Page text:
02 Feb How to Build a Successful Landing Page
Each page of your website serves a specialized purpose. The Home page introduces visitors to your business and provides the essence of the experience they can expect as customers. The About page provides information about your business – including how (and why) it started. The Products/Services page describes what you offer in a way that lets people know that your business has what they’re looking for.
And then, there’s the landing page. Not every website will have one, but a well-built landing page can be a powerful tool for converting visitors into customers. So let’s start by describing what it is and what it does.
According to content strategist Christina Perricone in her blog post for HubSpot, “A landing page is a website page with a specific purpose – the objective of a landing page is to convert visitors into leads. While there are many types of landing pages the intent is the same – get more leads. Landing pages contain lead forms that ask visitors for their contact information in exchange for something of value, otherwise known as an offer.”
As such, a landing page is typically a standalone page created for a singular campaign, sale or product. It isn’t part of the website’s core framework, but instead exists as a separate destination for a specific objective. Having most likely landed on many landing pages yourself, you’re familiar with their basic format.
As our blog post – “Elements of a Great Landing Page” – describes it, “If you’re in business, you doubtlessly visit the websites of companies offering products or services that may be of use to you. Many of those sites have a promotion for a free ebook of professional tips or templates that you can download after clicking on the CTA button. If you’ve ever clicked on that button, you were taken to a landing page, which provided more information about the wonderful resource you were about to receive after filling out a form and clicking that CTA button. If you were motivated to click on that button, the landing page was successful!”
Components of a Successful Landing Page
Assuming you’ve been motivated to click through a landing page, think about what made it so compelling. You’ll probably come up with the following:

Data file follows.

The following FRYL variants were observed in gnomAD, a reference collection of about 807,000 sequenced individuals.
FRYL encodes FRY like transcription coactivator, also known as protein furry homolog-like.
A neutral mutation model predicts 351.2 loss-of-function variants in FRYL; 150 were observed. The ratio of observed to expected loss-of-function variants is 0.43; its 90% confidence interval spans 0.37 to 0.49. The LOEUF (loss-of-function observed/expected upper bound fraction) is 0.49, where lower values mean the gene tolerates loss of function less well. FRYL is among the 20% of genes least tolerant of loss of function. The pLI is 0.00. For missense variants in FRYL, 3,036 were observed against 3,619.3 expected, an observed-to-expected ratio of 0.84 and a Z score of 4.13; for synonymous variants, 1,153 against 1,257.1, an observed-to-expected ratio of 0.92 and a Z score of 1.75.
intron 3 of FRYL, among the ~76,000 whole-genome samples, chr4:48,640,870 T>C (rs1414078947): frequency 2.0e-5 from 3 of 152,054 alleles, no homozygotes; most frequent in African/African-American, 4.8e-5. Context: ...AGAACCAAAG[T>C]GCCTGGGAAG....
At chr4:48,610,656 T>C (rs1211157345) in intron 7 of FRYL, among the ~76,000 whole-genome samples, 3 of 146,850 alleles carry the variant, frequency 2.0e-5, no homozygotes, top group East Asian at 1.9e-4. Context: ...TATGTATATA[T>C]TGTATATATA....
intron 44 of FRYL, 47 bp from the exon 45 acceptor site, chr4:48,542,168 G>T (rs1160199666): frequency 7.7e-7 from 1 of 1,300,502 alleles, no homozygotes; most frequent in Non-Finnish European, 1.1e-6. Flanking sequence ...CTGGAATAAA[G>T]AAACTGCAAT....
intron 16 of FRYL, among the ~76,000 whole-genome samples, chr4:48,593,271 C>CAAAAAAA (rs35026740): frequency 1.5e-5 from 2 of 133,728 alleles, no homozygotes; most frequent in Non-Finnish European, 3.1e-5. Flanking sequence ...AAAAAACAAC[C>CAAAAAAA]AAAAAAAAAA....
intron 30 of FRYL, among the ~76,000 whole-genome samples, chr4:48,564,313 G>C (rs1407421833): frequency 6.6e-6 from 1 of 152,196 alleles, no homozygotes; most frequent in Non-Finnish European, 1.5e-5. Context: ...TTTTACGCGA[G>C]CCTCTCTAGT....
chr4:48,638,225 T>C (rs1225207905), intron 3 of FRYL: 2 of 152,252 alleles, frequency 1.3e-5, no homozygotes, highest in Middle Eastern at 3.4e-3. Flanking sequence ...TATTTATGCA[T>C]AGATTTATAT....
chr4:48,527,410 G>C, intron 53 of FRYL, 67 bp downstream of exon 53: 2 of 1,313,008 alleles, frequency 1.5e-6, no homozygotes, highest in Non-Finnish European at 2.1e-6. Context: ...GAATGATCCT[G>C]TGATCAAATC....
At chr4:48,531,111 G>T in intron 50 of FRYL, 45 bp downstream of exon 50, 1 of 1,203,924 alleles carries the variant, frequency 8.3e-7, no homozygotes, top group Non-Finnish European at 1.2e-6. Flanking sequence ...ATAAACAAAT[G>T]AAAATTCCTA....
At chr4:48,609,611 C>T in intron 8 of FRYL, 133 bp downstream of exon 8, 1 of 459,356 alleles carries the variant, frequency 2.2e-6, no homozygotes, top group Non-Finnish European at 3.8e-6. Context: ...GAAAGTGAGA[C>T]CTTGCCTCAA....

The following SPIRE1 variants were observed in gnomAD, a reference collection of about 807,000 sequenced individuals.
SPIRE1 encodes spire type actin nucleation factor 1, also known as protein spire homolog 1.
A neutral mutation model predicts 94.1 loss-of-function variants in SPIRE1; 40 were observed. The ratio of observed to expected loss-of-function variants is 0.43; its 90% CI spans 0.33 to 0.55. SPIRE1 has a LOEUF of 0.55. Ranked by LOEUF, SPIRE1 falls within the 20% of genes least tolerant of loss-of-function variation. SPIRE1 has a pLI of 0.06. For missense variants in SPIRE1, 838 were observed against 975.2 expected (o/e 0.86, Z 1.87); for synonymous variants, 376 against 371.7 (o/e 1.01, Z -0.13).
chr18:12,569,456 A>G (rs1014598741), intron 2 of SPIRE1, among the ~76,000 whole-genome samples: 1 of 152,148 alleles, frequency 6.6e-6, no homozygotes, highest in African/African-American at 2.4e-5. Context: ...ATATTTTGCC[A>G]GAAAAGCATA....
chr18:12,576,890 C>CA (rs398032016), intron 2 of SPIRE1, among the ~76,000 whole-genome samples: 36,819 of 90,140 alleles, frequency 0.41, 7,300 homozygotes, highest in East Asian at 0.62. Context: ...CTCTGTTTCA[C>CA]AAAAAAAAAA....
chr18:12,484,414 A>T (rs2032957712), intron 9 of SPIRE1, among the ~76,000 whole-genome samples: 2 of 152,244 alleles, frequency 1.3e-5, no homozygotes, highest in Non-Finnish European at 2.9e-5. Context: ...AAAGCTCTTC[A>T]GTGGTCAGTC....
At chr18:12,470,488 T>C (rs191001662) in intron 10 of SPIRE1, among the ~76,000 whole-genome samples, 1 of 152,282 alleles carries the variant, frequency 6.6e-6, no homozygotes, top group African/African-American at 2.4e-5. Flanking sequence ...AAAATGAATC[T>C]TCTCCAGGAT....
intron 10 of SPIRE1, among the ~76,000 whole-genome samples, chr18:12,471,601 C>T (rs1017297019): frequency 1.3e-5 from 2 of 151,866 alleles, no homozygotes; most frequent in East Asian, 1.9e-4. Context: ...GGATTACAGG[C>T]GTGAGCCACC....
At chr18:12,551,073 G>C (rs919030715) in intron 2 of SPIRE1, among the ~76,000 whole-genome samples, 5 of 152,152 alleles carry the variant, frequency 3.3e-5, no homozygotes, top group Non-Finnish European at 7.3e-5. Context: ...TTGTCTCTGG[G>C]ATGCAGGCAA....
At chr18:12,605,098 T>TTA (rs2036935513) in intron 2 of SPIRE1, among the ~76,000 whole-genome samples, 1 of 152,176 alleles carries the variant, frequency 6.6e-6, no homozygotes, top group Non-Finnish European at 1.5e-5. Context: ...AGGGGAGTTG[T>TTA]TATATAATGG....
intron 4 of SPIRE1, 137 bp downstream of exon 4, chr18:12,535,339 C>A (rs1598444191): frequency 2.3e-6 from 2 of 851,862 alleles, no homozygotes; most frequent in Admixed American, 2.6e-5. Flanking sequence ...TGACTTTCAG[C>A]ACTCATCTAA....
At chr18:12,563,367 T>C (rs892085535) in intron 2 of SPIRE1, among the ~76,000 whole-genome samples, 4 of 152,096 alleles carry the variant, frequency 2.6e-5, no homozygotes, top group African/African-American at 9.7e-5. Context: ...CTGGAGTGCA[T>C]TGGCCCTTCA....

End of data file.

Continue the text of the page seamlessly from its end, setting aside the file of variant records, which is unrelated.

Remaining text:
One clear goal – A landing page that converts has a main focus. There is one action the page wants the visitor to take, and every element on that page reinforces it. A common landing page design mistake is to treat it the same as all the site’s other pages. As Perricone writes, a successful landing page “ … eliminates distractions by removing navigation, competing links, and alternate options so you capture your visitor’s undivided attention. And complete attention means you can guide your visitor where you’d like them to go, i.e., to your lead form. In sum, landing pages are specifically designed to create conversions.”
A main headline focusing on the offer’s benefit, and a supporting headline – As Learn Inbound describes the importance of this component, “The landing page’s headline is the very first thing visitors will see. For this reason, it is essential that it describes very clearly what a user will get from the page. The message should be strong enough to grab the interest of the visitor and to keep them on your page. Your … headline should promote understanding, attention, and interest … In order to keep it easily digestible and succinct, your headline can only say so much. For this reason, you’ll also need to add a supporting headline. This can be a direct extension of the main headline, following it like a finishing sentence, or can be an additional persuasive message that supports the primary one.”